You never know when your time will come. Or so we often say. But it isn’t always true. Sometimes people do know when their time will come, because they’re diagnosed with a fatal condition and doctors can estimate how long they have left. The estimate isn’t always accurate, of course. Some people outlive it or even recover completely.
Wendy Davison of Derby outlived her diagnosis. She was given six months to live after her cervical cancer worsened earlier this decade, but in fact she had three more years to share with her loving family. She passed away painlessly at home in 2017, held in the arms of her husband Russell and her son Dylan, and comforted by the family dog Elvis. She was only fifty, but that age of passing isn’t so unusual: even in the twenty-first century and in a rich country like Britain, medicine can’t ensure that everyone reaches their three-score years and ten.
What was unusual was what happened next. Wendy Davison wasn’t taken to a hospital mortuary, where she would have been surrounded by people who, however caring and professional, were strangers to her and her family. Instead, her grieving widower Russell kept her body at home and in bed. He sit beside her by day and slept beside her at night for nearly a week, talking to her, touching her and kissing her. Her friends and family came to see her, talk to her and light candles and incense on the altar that had been set up to celebrate her life.
This isn’t what we usually do to the dead. That’s why the story has made headlines all around the world. Television and radio stations got in touch with Russell Davison, requesting interviews about his wife’s passing. He didn’t turn the requests down, because he wanted to describe what he called a “beautiful and comforting experience” not just for himself, but also for his sons and everyone else who knew and loved his wife.
And he wanted to try and change our attitudes to death. He knew that the story has raised very interesting and important questions. Many people who heard or read about what he did must have reacted with discomfort or even disgust at first. Who would want to sleep beside a dead body for a minute, let alone six days? But to Russell Davison it wasn’t simply a dead body: it was the house in which his wife had lived for fifty years. Now she had left and the house was empty. It was going to crumble, break apart and fall into ruin, but there was a little time left in which he could say goodbye to it and remember the laughing and loving spirit that had lived there.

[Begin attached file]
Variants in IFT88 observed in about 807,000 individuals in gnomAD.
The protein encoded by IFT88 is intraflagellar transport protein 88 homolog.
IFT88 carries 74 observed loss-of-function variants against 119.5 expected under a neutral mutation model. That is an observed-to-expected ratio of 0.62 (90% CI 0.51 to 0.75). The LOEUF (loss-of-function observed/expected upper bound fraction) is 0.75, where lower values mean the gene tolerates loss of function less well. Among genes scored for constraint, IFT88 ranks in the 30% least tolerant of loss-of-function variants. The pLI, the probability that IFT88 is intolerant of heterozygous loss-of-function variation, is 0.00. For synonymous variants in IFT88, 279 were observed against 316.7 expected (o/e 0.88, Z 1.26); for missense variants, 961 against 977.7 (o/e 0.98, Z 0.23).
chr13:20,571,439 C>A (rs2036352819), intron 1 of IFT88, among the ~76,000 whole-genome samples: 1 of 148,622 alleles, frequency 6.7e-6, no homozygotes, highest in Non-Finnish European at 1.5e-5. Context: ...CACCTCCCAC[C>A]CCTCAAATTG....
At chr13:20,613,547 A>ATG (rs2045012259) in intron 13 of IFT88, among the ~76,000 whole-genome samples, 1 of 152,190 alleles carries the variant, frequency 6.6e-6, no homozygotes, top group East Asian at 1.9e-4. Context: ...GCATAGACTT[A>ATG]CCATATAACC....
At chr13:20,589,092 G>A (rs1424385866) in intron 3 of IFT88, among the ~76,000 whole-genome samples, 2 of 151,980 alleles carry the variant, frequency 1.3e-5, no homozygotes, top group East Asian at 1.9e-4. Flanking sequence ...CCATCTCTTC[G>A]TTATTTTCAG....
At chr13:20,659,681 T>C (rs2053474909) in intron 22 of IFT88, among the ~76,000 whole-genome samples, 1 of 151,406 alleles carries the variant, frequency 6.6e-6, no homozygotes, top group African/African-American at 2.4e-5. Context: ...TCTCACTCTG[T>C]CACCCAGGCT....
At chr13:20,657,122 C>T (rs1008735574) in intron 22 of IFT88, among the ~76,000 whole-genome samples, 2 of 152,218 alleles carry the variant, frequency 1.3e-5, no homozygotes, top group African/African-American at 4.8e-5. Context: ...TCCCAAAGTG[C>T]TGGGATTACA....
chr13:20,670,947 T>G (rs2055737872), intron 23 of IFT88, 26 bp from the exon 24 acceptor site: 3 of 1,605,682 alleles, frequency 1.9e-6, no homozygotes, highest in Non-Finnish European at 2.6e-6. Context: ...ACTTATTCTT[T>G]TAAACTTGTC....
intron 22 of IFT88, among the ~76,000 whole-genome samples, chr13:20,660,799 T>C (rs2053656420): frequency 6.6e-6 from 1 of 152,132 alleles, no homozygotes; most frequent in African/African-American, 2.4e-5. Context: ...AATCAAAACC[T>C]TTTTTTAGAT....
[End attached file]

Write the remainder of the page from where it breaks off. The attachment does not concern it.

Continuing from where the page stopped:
And perhaps he was also reminding himself of how lucky he had been. Some loving couples are separated without warning, when one partner is killed in an accident – a car-crash, a fall, a drowning or random encounter with a violent robber. Other couples are separated when one partner begins to slide into dementia, losing both their memories and their individuality. And some loving couples, alas, don’t make the best of their love or of their time together. They let busy lives and active careers come between them.
That didn’t happen to the Davisons. They knew they had only a short time left together and they made the most of it. That’s why they bought a caravan after her final, fatal diagnosis, and toured Europe together, wanting to “live in the now” and savour every remaining moment of each other’s company. The diagnosis brought them together and made their marriage even more precious. That helps explain why Russell Davison couldn’t bear to say goodbye to his wife too soon.
It’s a touching story. And more than that, because some of the millions who hear about it will think again about their own lives and relationships. Make the most of every moment you have, because one day you won’t have any moments left.